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Pension edge

With a perfect storm of events – a litany of misselling scandals and stockmarket volatility – it is not surprising consumers are reluctant to commit to insurance company pensions for 30 to 35 years.

This is true when the Government expects pension portfolios to grow at about 6 per cent a year before charges over the next few decades. A 2003 Consumers&#39 Association survey found that less than half of those questioned were contributing to a pension and only one in 12 who were not, planned to in the near future.

The main reasons given were fears about stockmarkets, unaffordability and a lack of confidence in the industry.

The Government and industry needs to face up to reality. These tired old arguments about raising price caps so the industry can get out there and persuade consumers to buy pensions are facile and misleading in this climate.

With record levels of debt and property values, pensions will have to be cost-effective to be affordable and provide incentives, minimise risk and have decent standards of regulatory protection to restore confidence. The retail insurance industry cannot deliver value in a properly regulated environment to the mass market (we do not dispute that), but it can be achieved using alternative models. Like it or not, charges need to be kept low. If the price cap goes up to 2 per cent, this means the net return after charges to the consumer would be in the region of 4 per cent a year. It does not take an economic genius to realise that consumers have no incentive to tie their money up in risky pensions when they can get 4.5 per cent from a safe cash-Isa.

Increasing the price cap by 1 per cent means consumers with a 30-year time horizon will have to increase their contributions by 22 per cent a month to provide the same level of pension. Even a 0.5 per cent rise in the price cap needs a contribution increase of 11 per cent. With consumers struggling to repay debts and little cash to spare, raising the costs of pensions will price even more people out of market.

The idea that consumers will be willing to pay more in charges to buy products from a discredited industry is perverse. If large volumes of stakeholder pensions are sold at higher charge levels, then this would lead to widespread misselling, especially when there are alternatives offering a better prospective return at a much lower risk.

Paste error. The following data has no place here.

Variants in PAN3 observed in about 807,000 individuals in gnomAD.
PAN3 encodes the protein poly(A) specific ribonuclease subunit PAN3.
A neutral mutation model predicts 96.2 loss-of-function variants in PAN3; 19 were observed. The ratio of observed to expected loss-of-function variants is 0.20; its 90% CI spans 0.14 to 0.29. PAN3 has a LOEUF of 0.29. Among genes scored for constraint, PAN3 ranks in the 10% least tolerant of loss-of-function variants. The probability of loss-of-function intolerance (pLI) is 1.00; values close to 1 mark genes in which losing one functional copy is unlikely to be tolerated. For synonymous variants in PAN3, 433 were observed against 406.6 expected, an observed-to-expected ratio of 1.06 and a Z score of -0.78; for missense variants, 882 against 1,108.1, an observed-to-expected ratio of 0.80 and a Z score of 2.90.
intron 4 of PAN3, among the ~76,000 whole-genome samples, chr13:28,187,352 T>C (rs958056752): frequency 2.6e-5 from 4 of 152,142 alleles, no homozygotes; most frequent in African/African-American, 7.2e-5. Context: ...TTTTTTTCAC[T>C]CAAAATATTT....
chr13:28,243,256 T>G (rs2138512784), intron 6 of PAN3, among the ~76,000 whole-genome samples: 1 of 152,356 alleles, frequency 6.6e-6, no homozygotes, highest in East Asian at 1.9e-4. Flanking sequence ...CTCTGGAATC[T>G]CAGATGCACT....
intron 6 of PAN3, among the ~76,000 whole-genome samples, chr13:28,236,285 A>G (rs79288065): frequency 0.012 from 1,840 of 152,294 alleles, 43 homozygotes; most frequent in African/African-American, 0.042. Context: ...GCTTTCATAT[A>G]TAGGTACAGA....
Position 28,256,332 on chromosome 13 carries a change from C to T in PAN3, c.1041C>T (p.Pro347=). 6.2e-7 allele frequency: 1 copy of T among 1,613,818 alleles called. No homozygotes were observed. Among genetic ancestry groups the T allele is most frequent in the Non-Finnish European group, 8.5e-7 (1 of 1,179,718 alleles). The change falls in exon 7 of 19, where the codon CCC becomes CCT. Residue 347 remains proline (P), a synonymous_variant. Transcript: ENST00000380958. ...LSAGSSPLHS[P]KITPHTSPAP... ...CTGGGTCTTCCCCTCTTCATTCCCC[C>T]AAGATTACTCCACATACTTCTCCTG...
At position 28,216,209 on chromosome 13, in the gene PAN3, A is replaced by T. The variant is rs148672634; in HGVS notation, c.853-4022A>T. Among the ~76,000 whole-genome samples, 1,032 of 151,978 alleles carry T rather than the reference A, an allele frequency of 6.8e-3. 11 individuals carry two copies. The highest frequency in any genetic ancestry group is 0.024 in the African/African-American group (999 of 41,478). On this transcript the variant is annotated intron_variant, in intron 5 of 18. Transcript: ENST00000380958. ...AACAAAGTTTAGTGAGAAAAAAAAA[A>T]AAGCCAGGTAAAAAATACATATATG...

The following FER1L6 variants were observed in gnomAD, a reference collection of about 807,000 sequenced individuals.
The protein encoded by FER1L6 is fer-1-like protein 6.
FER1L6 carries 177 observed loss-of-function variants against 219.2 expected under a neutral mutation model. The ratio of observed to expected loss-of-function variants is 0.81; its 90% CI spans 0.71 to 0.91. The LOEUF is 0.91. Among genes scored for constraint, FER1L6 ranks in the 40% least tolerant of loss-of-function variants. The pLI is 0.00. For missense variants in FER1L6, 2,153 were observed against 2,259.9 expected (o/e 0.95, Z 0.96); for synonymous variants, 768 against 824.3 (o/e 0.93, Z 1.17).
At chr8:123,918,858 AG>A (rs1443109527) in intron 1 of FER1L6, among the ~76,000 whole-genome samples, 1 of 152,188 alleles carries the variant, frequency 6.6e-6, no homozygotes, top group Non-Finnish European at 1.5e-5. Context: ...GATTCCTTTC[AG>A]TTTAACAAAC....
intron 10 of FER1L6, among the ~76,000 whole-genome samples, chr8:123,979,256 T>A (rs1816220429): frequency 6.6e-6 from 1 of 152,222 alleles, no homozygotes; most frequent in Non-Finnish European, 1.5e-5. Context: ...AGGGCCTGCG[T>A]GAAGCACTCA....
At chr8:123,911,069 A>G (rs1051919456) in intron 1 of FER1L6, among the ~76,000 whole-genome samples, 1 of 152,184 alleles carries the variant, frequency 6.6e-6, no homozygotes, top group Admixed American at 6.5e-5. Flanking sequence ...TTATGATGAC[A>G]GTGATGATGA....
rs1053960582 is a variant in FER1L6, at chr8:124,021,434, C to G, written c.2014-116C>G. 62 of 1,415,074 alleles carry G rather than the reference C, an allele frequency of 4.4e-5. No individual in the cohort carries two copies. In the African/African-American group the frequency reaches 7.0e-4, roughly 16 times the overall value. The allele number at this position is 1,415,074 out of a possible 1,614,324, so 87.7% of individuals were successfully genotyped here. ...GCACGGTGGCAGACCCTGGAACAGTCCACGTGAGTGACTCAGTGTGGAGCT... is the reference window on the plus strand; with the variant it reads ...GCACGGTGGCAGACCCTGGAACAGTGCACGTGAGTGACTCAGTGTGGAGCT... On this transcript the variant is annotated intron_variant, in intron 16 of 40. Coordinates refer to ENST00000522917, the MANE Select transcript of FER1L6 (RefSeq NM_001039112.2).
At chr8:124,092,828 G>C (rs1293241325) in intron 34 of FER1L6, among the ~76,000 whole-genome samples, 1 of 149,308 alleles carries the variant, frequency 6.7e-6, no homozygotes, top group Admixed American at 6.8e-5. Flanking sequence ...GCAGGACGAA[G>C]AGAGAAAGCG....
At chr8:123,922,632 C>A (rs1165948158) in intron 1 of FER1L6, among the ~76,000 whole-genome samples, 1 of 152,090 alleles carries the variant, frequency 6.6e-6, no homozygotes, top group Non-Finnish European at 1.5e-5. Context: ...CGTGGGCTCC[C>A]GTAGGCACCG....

The insurers&#39 argument that price increases are needed to sell to consumers on lower-medium incomes is disingenuous. Our analysis shows that insurers would need to, at least, treble charges to make a profit from consumers who can only save £50 to £70 a month and, at least, double charges for those who can save £100 a month.

However, they can make a profit on 1 per cent with contribution rates of £200-plus a month. If charges are raised then firms would maximise profits from higher income groups rather than sell to lower-medium income groups where there are no profits to be made.

Our new focus group and research shows that raising price caps will backfire. The focus groups do not want pensions from commercial firms because they do not trust anyone to do with the industry. They want different types of pensions. But they also blamed the Government for letting down the &#39little man&#39 and not regulating the industry effectively.

Raising the price cap would act as a further disincentive to take out a pension. Even at 1.5 per cent, nearly 80 per cent of those surveyed thought that the contribution increases required to offset the extra charges represented a very or quite a big difference – 63 per cent said they would rather have a low-risk saving account paying 4 per cent.

Raising the price cap would anger consumers who already mistrust the industry and Government alike. But the pension gap can be closed if the Government promoted collective pensions schemes with proper corporate governance, and economies of scale to reduce costs and share risk. These schemes can provide consumers with access to pensions at under 1 per cent a year.

There is no justification in raising the price cap to anywhere near the levels deman-ded by insurers.

Will the Government ind-ulge in protectionism of the worst kind by raising the price cap to cross-subsidise an inefficient insurance industry? Or will it put consumers first and keep a low-price cap? The next few weeks will be interesting, to say the least. Mick McAteer is senior policy adviser at the CA

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